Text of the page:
I am back in Europe for a month and this time around it struck me how the intersections of race, gender and class are becoming more and more clear in the European context(s) as the economic crisis deepens in some places and fades away in others. Being back in the Netherlands and seeing the major changes happening within my own institution as well as other Dutch universities vis-à-vis the continuing neoliberalization of education, where critical knowledge is being pushed out through early retirement schemes or more intense competition for funding, and where formerly critical departments are slowly being transformed into places where ‘responsible’ and ‘useful’ knowledge is produced. After spending one year in the US, it seems clear that the US model is something that not only spread to the UK but is now also becoming somewhat dominant in some European contexts, where the connection between knowledge and commodification is explicit. This is not to say that in these critical departments knowledge was ‘free’ or not tied to capital, but rather that in some European contexts knowledge production in these critical centers was tied to the social democratic project that is now being dismantled.
Going to Frankfurt for a few days made some of these changes even more clear. Frankfurt, the home of Critical Theory, is now also undergoing major changes in terms of critical academics being pushed out of the academy. Here, as in Holland, the gendered and racialized effects of this are clear. Whereas for a period gender and racial ‘minorities’ were permitted into these centers of knowledge production, it seems that they are now being pushed out. This is different, it seems to me, from the US context, where gender and racial ‘minorities’ are quickly co-opted, either by placing them in isolated departments such as Gender Studies or Area Studies (Middle East Studies is a clear example here) and then using the existence of these departments as proof of an academic institution being critical; or when gendered and racialized academics themselves become intellectually co-opted and therefore simply reproduce dominant narratives.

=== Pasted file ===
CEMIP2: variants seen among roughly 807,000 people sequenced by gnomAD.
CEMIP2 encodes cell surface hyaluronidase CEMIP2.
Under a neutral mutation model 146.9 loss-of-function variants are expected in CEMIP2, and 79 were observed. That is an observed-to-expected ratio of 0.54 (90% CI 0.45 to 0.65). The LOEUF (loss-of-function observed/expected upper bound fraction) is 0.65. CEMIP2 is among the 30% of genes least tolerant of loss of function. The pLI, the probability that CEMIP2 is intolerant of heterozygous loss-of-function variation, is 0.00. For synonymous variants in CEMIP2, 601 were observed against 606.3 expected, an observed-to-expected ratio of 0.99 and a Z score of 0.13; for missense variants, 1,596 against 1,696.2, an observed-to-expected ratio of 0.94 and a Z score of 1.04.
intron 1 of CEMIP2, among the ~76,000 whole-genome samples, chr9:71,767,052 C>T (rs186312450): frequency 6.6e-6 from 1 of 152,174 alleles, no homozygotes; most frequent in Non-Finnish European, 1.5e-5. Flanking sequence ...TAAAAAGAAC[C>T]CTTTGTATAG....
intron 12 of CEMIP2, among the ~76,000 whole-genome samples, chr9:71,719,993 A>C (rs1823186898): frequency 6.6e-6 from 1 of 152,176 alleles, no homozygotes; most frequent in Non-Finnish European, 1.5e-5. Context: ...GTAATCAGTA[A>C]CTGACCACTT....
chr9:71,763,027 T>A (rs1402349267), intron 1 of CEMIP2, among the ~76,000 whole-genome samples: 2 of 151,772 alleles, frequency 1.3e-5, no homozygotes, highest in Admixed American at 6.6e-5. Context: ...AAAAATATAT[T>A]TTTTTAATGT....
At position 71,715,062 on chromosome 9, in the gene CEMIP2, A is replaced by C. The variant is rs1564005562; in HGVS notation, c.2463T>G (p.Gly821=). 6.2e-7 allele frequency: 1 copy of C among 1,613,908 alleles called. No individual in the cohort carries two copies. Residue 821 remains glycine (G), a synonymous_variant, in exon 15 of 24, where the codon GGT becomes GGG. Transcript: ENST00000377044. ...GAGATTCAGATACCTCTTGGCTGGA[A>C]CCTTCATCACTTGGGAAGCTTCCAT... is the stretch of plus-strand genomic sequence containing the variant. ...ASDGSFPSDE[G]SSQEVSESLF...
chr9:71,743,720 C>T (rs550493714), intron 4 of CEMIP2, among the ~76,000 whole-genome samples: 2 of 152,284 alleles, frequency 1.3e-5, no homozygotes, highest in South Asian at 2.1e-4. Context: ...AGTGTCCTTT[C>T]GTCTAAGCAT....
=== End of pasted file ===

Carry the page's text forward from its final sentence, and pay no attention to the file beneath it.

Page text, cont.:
Another fascinating experience in Germany was hearing about the rise of Pegida and how once again these fascist and racist movements are designated as exceptional or a minority, even though the racist discourse they mobilize is extremely widespread in Europe. Similar moves are made in Holland when the PVV and Wilders are constructed by Dutch liberals or leftists as a tiny minority of “crazy people” who have nothing to do with “normal Dutch people.” Dutchness here of course refers to tolerance, liberalism and non-racism. And yet…the ways in which certain events are covered; the ways in which ‘migrant populations’ are referred to or spoken of; and the ways in which everyday racism functions demonstrates that in fact what distinguishes Pegida or the PVV from the mainstream public is perhaps its extremity and its fascism but certainly not its core belief that there is a subject—a European—that needs to be preserved. And there is no doubt that this subject is racialized. Indeed the ridiculous discussions and performances surrounding Charlie Hebdo should make this clear, and should also make clear the complex intersections between race, gender, class, nation and imperialism in European contexts today. It is the mechanisms by which a European self is produced and reproduced that are interesting and that rely on very old distinctions between ‘us’ and ‘them’ even while those critiquing this racist view are accused of binary thinking. And yet…the “failure of multiculturalism” or the “limits of European tolerance” vis-à-vis the endlessly inassimilable migrant point to nothing except the desperate need on the part of many forces within Europe to maintain binaries even as they slowly slip away.